Nuclear News on the Newswire

Nuclear fuel considerations in the development of advanced reactors

Mignogna

The world faces an urgent need to decarbonize and expand clean energy systems. Earlier this year, the United States announced goals to achieve a 100 percent clean electricity grid by 2035 and net-zero emissions across the entire economy by 2050. Today, nuclear energy plants provide more than 50 percent of the United States’ carbon-free energy. Existing plants, along with the advanced technologies currently being developed and demonstrated, are crucial to the United States’ and the world’s clean energy future.

Technologies such as advanced non-light water reactors, which have higher operating temperatures than today’s light water reactors, will be vital to meeting economy-wide decarbonization goals. For example, process heat applications and chemical and synthetic fuel production require higher temperatures and currently rely on fossil fuels. Advanced reactors are the only carbon-free technologies that can provide the high temperatures these processes need.

Go to Article

Maximizing decommissioning lessons learned

Larry W. Camper

The track record for the successful decommissioning of nuclear facilities, both nationally and internationally, is impressive. In the United States, we have decommissioned many nuclear facilities, including complex materials sites, uranium recovery sites, research and test reactors, and nuclear power plants. To date, according to the Nuclear Regulatory Commission, 10 nuclear power plants have been completely decommissioned for unrestricted use, and another 26 power reactor sites are currently undergoing decommissioning through either SAFSTOR or DECON, following NRC regulatory requirements. In addition, the Nuclear Energy Institute identifies three nuclear power plants that were successfully decommissioned outside of NRC jurisdiction. While such a track record is impressive, the nuclear industry must be vigilant in focusing on lessons learned in order to continue to make gains in efficiency, cost savings, improved environmental stewardship, and enhanced stakeholder confidence. In reviewing the outcomes of decommissioning over many years, a number of key lessons learned have emerged.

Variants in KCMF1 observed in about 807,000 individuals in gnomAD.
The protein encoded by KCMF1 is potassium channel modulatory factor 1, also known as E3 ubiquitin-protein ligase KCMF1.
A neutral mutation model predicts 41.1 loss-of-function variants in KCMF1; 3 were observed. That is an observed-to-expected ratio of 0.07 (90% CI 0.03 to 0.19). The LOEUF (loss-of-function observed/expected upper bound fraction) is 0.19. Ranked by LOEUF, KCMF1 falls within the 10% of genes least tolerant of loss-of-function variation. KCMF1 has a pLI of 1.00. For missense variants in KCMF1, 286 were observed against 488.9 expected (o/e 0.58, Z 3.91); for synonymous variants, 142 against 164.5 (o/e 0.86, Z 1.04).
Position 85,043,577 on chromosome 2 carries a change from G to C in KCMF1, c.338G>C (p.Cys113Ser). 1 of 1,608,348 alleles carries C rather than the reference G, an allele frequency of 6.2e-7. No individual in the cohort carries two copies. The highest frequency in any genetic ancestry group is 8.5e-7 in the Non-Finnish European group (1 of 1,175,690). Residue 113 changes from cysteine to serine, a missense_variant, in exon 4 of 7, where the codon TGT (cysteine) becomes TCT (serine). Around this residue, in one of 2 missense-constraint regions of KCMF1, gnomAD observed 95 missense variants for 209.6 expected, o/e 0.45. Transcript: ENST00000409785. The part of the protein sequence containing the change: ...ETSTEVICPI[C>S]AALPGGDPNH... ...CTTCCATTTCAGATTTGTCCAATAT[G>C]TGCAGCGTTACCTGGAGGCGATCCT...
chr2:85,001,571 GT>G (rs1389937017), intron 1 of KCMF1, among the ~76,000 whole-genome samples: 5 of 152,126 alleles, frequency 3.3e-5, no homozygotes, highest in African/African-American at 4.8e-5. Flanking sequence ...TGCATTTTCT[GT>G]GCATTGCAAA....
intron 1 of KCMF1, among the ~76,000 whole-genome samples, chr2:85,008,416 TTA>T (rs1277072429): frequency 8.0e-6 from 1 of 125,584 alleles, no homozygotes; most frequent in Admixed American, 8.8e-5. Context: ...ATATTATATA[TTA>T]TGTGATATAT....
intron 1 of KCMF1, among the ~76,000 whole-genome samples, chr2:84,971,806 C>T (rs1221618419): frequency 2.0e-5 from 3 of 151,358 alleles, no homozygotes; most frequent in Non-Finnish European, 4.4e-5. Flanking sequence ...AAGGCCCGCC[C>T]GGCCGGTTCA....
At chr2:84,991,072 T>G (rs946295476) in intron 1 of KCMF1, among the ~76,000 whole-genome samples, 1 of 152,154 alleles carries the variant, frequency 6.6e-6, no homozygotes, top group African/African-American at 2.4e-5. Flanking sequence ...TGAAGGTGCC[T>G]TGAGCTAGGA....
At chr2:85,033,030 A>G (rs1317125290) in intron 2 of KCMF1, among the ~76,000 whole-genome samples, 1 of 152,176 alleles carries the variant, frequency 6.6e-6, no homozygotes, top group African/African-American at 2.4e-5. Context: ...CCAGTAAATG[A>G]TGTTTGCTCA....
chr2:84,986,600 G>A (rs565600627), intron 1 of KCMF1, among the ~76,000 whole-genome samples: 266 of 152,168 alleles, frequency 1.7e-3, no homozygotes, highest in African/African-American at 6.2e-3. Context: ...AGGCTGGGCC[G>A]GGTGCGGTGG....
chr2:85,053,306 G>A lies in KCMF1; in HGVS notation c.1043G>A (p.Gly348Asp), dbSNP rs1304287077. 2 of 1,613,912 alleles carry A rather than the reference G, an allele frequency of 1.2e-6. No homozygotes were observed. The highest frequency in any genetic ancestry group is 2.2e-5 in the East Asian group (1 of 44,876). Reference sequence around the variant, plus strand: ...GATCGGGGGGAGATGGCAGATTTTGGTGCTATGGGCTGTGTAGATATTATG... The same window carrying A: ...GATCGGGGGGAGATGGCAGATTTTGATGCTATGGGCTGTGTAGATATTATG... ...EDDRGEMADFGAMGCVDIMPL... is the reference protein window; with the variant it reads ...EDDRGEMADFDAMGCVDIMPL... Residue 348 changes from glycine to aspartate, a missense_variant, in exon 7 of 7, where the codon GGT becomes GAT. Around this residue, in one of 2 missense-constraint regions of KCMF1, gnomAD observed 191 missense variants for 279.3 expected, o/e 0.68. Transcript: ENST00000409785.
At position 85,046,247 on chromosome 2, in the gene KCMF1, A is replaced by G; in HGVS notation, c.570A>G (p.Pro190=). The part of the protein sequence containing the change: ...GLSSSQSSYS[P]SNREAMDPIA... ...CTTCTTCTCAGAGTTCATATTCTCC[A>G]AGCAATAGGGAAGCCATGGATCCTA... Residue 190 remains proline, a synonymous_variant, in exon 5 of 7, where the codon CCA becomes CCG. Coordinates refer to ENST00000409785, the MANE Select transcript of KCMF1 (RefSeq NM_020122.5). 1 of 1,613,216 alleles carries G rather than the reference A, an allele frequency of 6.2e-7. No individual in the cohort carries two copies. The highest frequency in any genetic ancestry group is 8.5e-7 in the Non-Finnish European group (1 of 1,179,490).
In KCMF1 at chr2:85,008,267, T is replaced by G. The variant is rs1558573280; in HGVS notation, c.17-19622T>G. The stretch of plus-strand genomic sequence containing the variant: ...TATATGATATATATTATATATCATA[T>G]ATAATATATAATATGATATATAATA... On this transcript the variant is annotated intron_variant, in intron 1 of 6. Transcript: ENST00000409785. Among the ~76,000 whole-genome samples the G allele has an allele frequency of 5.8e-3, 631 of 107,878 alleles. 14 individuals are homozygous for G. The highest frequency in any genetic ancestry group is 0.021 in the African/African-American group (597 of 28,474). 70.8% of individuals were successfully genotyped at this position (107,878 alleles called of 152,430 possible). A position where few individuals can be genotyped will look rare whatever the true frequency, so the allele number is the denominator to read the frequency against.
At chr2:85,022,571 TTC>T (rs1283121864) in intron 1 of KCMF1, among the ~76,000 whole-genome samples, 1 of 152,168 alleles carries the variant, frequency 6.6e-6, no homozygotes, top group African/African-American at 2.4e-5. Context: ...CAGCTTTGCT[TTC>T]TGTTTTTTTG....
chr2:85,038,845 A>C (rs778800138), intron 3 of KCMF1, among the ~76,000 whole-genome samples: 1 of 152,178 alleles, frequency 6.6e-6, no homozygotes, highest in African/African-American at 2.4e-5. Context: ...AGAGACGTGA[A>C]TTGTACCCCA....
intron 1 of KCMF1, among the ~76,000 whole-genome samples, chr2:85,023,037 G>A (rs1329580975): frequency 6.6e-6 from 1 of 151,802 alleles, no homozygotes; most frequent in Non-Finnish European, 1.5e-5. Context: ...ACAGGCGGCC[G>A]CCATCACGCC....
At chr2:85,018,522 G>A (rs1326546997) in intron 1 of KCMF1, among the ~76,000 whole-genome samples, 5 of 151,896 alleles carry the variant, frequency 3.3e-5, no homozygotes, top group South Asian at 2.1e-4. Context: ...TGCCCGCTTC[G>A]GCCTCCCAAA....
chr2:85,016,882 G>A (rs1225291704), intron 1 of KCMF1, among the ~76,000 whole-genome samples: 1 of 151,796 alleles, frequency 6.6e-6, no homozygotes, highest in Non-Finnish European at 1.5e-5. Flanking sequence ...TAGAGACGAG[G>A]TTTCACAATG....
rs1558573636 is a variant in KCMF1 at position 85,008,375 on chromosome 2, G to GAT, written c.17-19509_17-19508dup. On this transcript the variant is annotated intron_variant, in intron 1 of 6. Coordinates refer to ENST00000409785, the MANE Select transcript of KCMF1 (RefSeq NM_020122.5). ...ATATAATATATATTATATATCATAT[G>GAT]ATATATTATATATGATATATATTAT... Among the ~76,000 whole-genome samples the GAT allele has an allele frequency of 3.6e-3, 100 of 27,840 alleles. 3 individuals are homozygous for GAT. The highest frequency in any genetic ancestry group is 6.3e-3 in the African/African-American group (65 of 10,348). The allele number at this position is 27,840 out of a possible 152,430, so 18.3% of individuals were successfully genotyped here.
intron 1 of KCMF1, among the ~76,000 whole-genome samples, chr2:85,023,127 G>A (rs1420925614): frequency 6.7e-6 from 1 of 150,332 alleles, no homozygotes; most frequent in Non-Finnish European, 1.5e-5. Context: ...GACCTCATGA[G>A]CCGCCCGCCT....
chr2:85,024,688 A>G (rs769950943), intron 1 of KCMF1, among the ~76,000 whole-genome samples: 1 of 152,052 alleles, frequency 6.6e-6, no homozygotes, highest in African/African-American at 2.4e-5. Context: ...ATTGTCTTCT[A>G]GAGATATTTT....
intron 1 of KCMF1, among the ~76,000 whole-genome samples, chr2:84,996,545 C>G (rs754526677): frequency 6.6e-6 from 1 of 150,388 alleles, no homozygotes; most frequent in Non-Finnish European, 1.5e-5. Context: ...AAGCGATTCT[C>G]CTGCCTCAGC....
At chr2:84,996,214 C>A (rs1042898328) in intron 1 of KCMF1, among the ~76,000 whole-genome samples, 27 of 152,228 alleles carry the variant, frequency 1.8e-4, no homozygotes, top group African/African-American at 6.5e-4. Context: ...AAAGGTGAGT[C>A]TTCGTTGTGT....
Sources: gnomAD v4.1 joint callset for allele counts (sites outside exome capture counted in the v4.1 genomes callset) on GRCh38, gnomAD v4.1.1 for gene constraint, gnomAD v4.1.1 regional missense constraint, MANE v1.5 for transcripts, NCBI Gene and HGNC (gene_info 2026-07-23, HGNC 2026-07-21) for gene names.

Go to Article

HTGR locked in for U.K. demonstration project

Hands

The U.K. government has confirmed its selection of the high-temperature gas-cooled reactor (HTGR) for Britain’s £170 million (about $236 million) Advanced Modular Reactor Demonstration Program.

Greg Hands, minister for energy, clean growth, and climate change, delivered the news on December 2 via a speech at the Nuclear Industry Association’s annual conference. “Following evaluation of responses received,” Hands said, “I’m pleased to announce today that we will focus on HTGRs as the technology choice for the program moving forward—with the ambition for this to lead to a demonstration by the early 2030s.”

NNL approved: “As we look to the future and the part we play as a scientific superpower, the U.K.’s unparalleled experience in gas-cooled technologies makes HTGRs the common-sense choice for pursuing advanced nuclear,” said Paul Howarth, chief executive officer at the United Kingdom’s National Nuclear Laboratory. “Following announcements already made on financing for the next stage of the Rolls-Royce SMR program and the proposed Nuclear Energy (Financing) Bill to make large-scale plants more achievable, the U.K. is primed once more to be a global leader in nuclear technologies—large, small, and advanced.”